Midland Lofts plan back for council feedback
It’s not exactly all or nothing for developer Craig Helm and his preliminary plans to build a four-story, 71-unit apartment building along Midland Avenue, but he would like to hear from Glenwood Springs City Council tonight that he has at least a 50/50 chance of eventually getting the project approved.
Council declined last month to OK an amendment to a nearly four-decade-old annexation agreement for the 6-acre church-owned property in the 2200 block of Midland that Helm would like to buy and develop as the Midland Lofts. The project is vigorously opposed by neighbors.
The amended agreement would lift the original density and use restrictions that came with the annexation, and allow development under the city’s R/4 residential transitional zoning.
Helm has maintained that he wants some degree of assurance from council that, if the annexation amendment is approved, what’s now presented as a conceptual plan is something the council would ultimately approve.
In December, council members said they were unwilling to tie the annexation amendment directly to the development proposal, saying they would need a full application and a review of impacts and recommendations from city planning staff before making that kind of a decision.
Helm asked council to vote up or down on that request two weeks ago, but wanted to offer some more arguments in favor of his proposal. Council, which had already closed the public hearing on the matter, set the matter for tonight, including a follow-up presentation by Helm and a chance for more public comment.
“We would like City Council to vote up or down on the amended annexation agreement as it was originally submitted,” Helm wrote in a Jan. 11 letter to council. “We do not wish to modify the agreement because this is the least dense project with the most open space and the lowest impact on the neighborhood that we can feasibly build.”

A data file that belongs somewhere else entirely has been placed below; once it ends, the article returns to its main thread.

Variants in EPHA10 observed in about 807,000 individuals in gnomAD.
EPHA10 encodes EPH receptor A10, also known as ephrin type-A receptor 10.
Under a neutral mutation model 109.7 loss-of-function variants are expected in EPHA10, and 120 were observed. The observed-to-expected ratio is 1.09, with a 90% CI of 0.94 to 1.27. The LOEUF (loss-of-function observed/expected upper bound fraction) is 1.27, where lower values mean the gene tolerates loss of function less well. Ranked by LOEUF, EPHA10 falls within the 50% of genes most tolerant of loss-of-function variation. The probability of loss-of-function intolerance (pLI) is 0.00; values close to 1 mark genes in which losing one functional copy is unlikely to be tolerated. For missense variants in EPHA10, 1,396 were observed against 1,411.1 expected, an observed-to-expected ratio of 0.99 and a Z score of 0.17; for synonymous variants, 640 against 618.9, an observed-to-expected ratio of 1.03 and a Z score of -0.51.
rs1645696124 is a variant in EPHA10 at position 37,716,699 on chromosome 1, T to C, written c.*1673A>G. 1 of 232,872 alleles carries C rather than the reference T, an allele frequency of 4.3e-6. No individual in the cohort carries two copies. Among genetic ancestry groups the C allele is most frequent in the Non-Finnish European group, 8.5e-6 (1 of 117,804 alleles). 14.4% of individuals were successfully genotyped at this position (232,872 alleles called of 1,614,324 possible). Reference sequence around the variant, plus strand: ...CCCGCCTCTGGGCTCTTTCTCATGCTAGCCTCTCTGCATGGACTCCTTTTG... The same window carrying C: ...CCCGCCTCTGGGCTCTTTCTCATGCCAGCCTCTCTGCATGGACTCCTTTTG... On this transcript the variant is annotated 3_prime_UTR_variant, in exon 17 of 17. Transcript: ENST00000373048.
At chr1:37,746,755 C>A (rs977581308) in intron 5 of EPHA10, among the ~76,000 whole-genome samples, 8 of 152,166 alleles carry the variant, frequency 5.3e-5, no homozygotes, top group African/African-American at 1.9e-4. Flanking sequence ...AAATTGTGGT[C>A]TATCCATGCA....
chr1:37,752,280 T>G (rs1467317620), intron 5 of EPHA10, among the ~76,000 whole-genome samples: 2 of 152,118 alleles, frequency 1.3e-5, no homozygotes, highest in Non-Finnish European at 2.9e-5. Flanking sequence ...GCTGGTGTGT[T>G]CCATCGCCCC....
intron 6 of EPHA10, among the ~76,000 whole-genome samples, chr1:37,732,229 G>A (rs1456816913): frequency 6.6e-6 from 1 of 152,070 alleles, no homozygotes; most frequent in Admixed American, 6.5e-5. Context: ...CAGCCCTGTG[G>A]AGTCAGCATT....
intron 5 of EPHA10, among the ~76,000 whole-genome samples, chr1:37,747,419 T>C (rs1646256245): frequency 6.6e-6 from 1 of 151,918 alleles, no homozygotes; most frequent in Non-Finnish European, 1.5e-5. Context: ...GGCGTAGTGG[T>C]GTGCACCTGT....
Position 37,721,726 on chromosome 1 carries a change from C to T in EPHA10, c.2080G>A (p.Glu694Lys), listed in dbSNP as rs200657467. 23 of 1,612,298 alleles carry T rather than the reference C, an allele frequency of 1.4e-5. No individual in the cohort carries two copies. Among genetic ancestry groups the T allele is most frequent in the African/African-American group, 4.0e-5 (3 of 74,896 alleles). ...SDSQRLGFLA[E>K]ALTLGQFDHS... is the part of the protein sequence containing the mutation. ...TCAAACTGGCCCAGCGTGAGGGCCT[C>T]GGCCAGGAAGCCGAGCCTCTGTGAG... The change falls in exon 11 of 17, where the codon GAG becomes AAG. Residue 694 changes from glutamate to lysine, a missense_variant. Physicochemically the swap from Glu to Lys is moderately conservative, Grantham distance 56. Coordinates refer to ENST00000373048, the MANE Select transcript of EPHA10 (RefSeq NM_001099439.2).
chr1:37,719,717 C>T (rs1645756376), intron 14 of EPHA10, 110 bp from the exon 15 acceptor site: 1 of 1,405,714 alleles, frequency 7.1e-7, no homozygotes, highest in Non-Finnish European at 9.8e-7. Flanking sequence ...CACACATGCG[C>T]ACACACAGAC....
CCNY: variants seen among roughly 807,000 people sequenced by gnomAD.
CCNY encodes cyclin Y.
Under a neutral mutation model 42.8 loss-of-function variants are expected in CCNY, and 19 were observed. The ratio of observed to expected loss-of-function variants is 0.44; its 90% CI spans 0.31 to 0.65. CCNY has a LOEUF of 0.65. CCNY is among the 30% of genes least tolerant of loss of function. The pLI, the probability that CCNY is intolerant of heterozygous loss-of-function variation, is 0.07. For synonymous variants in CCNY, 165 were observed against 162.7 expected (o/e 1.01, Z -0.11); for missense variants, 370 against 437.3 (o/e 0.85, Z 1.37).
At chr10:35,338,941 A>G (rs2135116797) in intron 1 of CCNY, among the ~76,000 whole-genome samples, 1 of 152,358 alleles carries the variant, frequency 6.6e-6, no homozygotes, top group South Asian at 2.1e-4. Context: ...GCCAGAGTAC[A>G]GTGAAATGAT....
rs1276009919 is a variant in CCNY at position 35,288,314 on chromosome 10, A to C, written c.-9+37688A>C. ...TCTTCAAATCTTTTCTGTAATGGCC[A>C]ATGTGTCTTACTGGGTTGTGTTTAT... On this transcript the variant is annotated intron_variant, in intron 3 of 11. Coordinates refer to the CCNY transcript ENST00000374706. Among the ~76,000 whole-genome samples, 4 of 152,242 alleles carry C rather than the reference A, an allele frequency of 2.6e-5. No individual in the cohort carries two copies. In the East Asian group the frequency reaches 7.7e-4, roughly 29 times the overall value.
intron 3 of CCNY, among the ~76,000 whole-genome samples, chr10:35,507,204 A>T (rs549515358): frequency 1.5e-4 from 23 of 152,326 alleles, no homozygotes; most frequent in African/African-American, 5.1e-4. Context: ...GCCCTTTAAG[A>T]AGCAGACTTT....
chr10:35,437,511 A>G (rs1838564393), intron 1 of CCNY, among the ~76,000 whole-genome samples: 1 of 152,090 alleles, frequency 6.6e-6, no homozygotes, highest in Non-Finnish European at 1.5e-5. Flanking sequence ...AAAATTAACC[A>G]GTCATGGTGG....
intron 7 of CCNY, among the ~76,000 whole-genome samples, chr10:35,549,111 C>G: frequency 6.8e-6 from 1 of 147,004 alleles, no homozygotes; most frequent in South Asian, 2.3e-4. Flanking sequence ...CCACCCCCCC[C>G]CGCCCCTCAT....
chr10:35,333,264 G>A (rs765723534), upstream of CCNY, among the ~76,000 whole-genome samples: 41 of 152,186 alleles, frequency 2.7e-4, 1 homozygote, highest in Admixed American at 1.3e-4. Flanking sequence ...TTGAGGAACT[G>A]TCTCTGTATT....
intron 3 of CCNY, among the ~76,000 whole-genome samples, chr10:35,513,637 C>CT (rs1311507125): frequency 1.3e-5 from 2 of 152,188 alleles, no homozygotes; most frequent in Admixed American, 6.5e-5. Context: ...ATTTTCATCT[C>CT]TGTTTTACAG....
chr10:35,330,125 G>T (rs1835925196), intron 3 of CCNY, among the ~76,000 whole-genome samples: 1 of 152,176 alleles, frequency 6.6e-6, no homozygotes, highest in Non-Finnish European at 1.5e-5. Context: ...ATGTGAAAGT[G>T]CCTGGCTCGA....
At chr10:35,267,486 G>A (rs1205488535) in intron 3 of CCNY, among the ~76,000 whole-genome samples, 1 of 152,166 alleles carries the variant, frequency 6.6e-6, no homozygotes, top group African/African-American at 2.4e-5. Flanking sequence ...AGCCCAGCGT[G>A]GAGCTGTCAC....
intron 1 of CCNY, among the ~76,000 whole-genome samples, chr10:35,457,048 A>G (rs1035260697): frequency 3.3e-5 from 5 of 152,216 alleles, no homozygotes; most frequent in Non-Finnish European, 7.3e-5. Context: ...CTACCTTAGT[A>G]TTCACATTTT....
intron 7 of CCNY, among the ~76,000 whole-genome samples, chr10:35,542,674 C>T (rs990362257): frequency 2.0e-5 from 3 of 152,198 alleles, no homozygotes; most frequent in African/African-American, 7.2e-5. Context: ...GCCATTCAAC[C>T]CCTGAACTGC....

Helm reiterated that he believes his plan fits the R/4 zone district, with the exception of seeking a height variance for the apartment building, and that it goes a long way to address one of Glenwood’s greatest needs when it comes to housing, that being dedicated rental housing.
“We understand that a yes vote tonight does not translate into a yes vote on the final development application, and we are OK with that,” Helm concluded in his letter. “We are, however, looking to get some meaningful feedback on this specific development.”
He goes on to pose the question: “Given that the project plans and all of the information we have presented, is there a reasonable chance, say 50 percent, that you would approve this development application if we move forward?
“If so, please vote yes on the annexation amendment, and if not, please vote no.”
The rather unusual request ties the annexation amendment for the property owned by the New Hope Church of New Castle with the conceptual review for Helm’s proposal. If the annexation agreement is amended, Helm would still have to take his proposal through the full major development permit review process with no guarantees as to how the project will be received by the Planning and Zoning Commission and ultimately City Council.
Meanwhile, neighboring residents have been outspoken against this and previous proposals put forth by Helm, arguing that it would add too much new traffic to the already stressed Midland Avenue corridor and that the site is not within “walkable distance” to transit and other services.
Last summer, City Council rejected a less-dense plan for 34 single- and multi-family units on the same site, partly because of the traffic concerns and partly because some council members wanted to see a higher-density, more affordable housing project.
City Council takes up the latest request when it meets at 6 p.m. tonight at Glenwood Springs City Hall.
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